Spring is my second favorite season (after fall) and I love introducing kids to frog calls and spring wildflowers but I find myself returning time and again to edible plants.  I did a presentation today with some kids at Unionville.  They were very excited to sample the redbud flowers and wild onions growing in the schoolyard and immediately began bringing me plants asking if they were edible.  I told them that I think of plants as being in three categories – edible, neutral (like grass; you can swallow it with no ill effects but you can’t actually digest it), and poisonous.  I can identify between 30 and 50 wild edibles and tend to leave everything else alone.  One of the boys was very disappointed and gestured around the schoolyard saying “You can only find two edible plants here?”  I pointed out a number of other plants that either weren’t ready or weren’t very kid-friendly –  red clover (flowers), wild black berry (fruit), autumn olive (fruit), dandelion (bitter greens), pine tree (tea from needles), sassafras tree (tea from roots), violets (flowers) – and he changed his tune.

“You sure know a lot of things,” he told me, shaking his head in awe.  It’s nice to be admired.

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Chilling in the Summer

We’ll blame the lack of posting yesterday on Will’s parents, who are in town for a whirlwind visit on their way to Saint Louis. We tried to show them our house (we hope soon) today but unfortunately, when the owners moved out they locked a lock that the realtor doesn’t have a key to. *sigh* So we walked around the outside and tried to describe what it looks like behind the blue vinyl and mini-blinds.

Life is a bit stressful these days between wedding planning and house buying and the long laundry list of projects I have piled on my plate, not realizing that even tiny commitments add up quickly. I am looking forward to a long holiday weekend and a chance to spend some time relaxing in the out-of-doors. The fireflies are out and the day lilies are in full bloom. I’m ready to lie on my back in a field looking up at the stars. I’m eager to walk in the woods and listen to the summer cicadas. Maybe I’ll make it down to the lake and throw myself in the water. I’m ready to reconnect with nature and with relaxation, in celebration of summer.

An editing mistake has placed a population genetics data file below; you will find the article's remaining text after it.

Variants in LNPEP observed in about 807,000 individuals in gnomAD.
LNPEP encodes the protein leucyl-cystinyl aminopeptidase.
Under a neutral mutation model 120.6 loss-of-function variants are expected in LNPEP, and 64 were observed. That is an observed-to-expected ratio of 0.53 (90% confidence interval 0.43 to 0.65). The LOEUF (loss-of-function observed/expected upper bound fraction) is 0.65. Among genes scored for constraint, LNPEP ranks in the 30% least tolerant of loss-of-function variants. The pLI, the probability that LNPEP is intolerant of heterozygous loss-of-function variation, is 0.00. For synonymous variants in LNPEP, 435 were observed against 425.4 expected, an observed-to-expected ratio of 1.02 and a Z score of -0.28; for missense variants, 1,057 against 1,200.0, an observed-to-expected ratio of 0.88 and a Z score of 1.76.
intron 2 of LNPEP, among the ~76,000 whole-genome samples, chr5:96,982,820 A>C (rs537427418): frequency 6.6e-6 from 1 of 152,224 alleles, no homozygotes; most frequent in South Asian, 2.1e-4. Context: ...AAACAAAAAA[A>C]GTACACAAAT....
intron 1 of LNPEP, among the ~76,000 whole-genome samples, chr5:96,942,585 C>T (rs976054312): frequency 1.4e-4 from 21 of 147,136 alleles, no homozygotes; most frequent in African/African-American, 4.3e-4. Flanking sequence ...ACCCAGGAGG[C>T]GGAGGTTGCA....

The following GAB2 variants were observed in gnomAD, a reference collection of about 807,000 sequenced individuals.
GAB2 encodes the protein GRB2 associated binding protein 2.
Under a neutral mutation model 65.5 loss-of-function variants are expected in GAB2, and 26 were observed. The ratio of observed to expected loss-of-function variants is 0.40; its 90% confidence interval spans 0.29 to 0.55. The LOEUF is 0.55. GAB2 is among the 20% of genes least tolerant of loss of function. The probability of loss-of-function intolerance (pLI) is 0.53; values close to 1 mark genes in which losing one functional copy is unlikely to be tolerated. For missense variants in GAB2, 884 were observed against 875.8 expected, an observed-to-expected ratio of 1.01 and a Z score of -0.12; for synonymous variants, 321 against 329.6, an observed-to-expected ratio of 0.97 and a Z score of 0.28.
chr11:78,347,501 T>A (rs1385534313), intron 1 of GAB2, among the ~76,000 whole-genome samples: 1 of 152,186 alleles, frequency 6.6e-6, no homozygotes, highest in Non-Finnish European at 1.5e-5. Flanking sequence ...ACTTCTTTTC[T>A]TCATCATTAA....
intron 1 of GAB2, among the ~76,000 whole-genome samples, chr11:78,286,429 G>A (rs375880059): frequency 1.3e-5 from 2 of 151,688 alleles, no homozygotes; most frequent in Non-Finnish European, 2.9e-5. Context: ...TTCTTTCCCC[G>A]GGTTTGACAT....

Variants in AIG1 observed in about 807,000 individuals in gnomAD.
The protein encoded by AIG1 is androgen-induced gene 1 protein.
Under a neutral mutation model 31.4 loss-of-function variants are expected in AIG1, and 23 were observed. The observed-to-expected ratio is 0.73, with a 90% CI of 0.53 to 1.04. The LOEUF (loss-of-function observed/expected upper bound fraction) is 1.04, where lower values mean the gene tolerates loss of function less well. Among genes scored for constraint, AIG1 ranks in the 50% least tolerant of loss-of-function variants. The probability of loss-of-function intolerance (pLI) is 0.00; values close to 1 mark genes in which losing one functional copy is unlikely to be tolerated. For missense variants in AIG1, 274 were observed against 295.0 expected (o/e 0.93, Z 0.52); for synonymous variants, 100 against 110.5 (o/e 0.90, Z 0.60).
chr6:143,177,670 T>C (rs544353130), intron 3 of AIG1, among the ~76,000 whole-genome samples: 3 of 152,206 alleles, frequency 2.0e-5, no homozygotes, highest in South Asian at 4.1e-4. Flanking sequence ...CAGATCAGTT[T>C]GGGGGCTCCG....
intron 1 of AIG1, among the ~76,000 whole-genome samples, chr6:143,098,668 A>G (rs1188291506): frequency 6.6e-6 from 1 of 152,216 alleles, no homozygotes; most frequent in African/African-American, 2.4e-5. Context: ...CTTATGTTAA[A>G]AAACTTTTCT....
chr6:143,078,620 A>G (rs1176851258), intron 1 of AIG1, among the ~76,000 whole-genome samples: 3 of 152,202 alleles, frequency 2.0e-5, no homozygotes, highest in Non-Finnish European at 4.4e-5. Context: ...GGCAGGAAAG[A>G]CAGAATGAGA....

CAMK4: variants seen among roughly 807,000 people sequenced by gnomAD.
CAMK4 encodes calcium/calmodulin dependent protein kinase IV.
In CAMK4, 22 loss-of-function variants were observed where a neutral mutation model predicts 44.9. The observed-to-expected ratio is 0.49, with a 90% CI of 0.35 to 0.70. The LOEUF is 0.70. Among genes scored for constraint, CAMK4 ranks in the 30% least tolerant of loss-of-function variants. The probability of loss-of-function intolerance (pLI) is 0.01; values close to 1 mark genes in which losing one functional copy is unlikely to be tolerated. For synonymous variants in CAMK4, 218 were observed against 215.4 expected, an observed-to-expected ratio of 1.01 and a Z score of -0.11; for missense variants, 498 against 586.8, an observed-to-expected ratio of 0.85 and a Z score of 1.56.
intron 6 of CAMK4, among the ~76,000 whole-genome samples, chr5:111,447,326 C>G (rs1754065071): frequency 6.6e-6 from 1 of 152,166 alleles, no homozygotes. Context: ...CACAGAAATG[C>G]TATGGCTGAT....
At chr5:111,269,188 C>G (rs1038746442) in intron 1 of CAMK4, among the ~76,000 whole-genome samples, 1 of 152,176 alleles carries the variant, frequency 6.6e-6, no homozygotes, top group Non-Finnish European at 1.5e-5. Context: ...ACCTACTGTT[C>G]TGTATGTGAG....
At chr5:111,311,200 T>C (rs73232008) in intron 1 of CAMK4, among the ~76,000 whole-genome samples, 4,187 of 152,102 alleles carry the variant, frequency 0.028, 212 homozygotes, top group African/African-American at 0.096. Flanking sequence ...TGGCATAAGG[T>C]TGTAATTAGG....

Happy Explosion Day.

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The Wedding

Maggie and I are back in Bloomington after another long drive. Rob and Angel’s wedding was beautiful. The ceremony was in my parents’ front yard, so we spent Friday making sure everything was perfect. That mostly consisted of shoveling rocks back into the pond (they’d been removed so that my dad could fix the pump), so I’ve been sore since then.

Saturday morning, there were lots of clouds but nothing more than a sprinkling of rain. The clouds were a bonus because they not only kept everything cool, they gave the wedding an even lighting that made the pictures turn out incredibly well. It was great to see all of the close family friends at the ceremony, especially when they stood and spoke about the couple.

Rob and Angel were married under the auspices of the Raleigh Friends Meeting (Quaker), so the ceremony consisted of about half an hour of silence punctuated by people standing and speaking when moved. After that, Angel’s sister read the marriage certificate and they exchanged vows. After ten more minutes of silent worship, everyone got up and talked, signed the certificate, and got something to eat. It was incredibly moving and very fun.

The reception was held at one of the lakes that forms Raleigh’s reservoir system. Although it looked pretty normal when we were there, although perhaps a little low, it was basically dry a year ago and was still several feet below normal even a couple months ago. There’s a lot of discussion now in Raleigh about what to do about the water supply. Based on the editorials and letters to the editor I read, the most popular views seem to be to increase the cost of water in a tiered system, to encourage individuals to continue to conserve water, or to hook Raleigh’s water supply to those of nearby cities.

My parents are doing their part. They have two new connected rain barrels that they use to refill the pond when it evaporates and to water the plants in the front yard. There’s also no grass (it’s all pine straw and plants), which means less need for watering, as does their proximity to the pond. The birds certainly appreciate the pond too! My dad had to shut it down for a couple of days to clean the pump, but as soon as he turned it back on, the robins jumped back in to bathe. The next step is to get some frogs to live in there and keep the water a little cleaner.